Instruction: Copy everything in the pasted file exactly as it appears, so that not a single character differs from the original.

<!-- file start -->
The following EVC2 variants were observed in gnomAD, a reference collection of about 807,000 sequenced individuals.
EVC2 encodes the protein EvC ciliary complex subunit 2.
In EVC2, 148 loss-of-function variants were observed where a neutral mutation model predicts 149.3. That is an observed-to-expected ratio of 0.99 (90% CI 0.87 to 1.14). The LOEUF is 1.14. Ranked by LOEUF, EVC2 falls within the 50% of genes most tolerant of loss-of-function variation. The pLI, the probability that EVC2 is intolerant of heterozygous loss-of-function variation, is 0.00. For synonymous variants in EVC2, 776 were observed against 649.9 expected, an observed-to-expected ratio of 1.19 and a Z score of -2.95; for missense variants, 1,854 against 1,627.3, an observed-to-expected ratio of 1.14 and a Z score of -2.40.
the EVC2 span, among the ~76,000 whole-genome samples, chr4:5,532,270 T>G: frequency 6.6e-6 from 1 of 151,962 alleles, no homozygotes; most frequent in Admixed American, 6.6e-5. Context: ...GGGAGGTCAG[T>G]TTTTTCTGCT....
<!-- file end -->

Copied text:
The following EVC2 variants were observed in gnomAD, a reference collection of about 807,000 sequenced individuals.
EVC2 encodes the protein EvC ciliary complex subunit 2.
In EVC2, 148 loss-of-function variants were observed where a neutral mutation model predicts 149.3. That is an observed-to-expected ratio of 0.99 (90% CI 0.87 to 1.14). The LOEUF is 1.14. Ranked by LOEUF, EVC2 falls within the 50% of genes most tolerant of loss-of-function variation. The pLI, the probability that EVC2 is intolerant of heterozygous loss-of-function variation, is 0.00. For synonymous variants in EVC2, 776 were observed against 649.9 expected, an observed-to-expected ratio of 1.19 and a Z score of -2.95; for missense variants, 1,854 against 1,627.3, an observed-to-expected ratio of 1.14 and a Z score of -2.40.
the EVC2 span, among the ~76,000 whole-genome samples, chr4:5,532,270 T>G: frequency 6.6e-6 from 1 of 151,962 alleles, no homozygotes; most frequent in Admixed American, 6.6e-5. Context: ...GGGAGGTCAG[T>G]TTTTTCTGCT....